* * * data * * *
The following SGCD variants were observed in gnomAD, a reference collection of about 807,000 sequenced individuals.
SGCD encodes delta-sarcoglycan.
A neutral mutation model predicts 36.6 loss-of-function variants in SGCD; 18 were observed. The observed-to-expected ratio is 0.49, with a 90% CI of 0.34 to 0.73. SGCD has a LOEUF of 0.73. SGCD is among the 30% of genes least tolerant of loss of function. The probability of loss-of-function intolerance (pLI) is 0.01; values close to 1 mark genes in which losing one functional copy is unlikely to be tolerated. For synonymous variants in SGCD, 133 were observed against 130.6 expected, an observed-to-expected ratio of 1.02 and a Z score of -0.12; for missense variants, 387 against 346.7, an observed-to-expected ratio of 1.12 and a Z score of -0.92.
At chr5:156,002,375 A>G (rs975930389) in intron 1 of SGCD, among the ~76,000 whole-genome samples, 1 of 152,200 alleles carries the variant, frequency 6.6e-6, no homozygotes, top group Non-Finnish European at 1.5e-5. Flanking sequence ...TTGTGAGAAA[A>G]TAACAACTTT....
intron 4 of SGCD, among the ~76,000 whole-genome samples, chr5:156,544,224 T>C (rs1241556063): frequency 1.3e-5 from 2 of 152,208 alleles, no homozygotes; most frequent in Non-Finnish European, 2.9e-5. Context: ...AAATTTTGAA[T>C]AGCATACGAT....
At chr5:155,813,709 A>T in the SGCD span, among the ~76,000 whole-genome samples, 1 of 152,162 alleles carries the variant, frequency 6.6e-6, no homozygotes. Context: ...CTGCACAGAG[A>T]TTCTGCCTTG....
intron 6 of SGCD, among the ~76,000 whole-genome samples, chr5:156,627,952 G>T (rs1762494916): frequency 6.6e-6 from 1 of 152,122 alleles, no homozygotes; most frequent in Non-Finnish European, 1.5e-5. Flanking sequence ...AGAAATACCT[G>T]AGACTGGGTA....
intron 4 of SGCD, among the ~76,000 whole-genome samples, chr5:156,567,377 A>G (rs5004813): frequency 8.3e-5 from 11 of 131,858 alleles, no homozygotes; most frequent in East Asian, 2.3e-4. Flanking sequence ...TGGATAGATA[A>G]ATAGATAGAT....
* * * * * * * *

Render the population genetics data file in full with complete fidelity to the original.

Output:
The following SGCD variants were observed in gnomAD, a reference collection of about 807,000 sequenced individuals.
SGCD encodes delta-sarcoglycan.
A neutral mutation model predicts 36.6 loss-of-function variants in SGCD; 18 were observed. The observed-to-expected ratio is 0.49, with a 90% CI of 0.34 to 0.73. SGCD has a LOEUF of 0.73. SGCD is among the 30% of genes least tolerant of loss of function. The probability of loss-of-function intolerance (pLI) is 0.01; values close to 1 mark genes in which losing one functional copy is unlikely to be tolerated. For synonymous variants in SGCD, 133 were observed against 130.6 expected, an observed-to-expected ratio of 1.02 and a Z score of -0.12; for missense variants, 387 against 346.7, an observed-to-expected ratio of 1.12 and a Z score of -0.92.
At chr5:156,002,375 A>G (rs975930389) in intron 1 of SGCD, among the ~76,000 whole-genome samples, 1 of 152,200 alleles carries the variant, frequency 6.6e-6, no homozygotes, top group Non-Finnish European at 1.5e-5. Flanking sequence ...TTGTGAGAAA[A>G]TAACAACTTT....
intron 4 of SGCD, among the ~76,000 whole-genome samples, chr5:156,544,224 T>C (rs1241556063): frequency 1.3e-5 from 2 of 152,208 alleles, no homozygotes; most frequent in Non-Finnish European, 2.9e-5. Context: ...AAATTTTGAA[T>C]AGCATACGAT....
At chr5:155,813,709 A>T in the SGCD span, among the ~76,000 whole-genome samples, 1 of 152,162 alleles carries the variant, frequency 6.6e-6, no homozygotes. Context: ...CTGCACAGAG[A>T]TTCTGCCTTG....
intron 6 of SGCD, among the ~76,000 whole-genome samples, chr5:156,627,952 G>T (rs1762494916): frequency 6.6e-6 from 1 of 152,122 alleles, no homozygotes; most frequent in Non-Finnish European, 1.5e-5. Flanking sequence ...AGAAATACCT[G>T]AGACTGGGTA....
intron 4 of SGCD, among the ~76,000 whole-genome samples, chr5:156,567,377 A>G (rs5004813): frequency 8.3e-5 from 11 of 131,858 alleles, no homozygotes; most frequent in East Asian, 2.3e-4. Flanking sequence ...TGGATAGATA[A>G]ATAGATAGAT....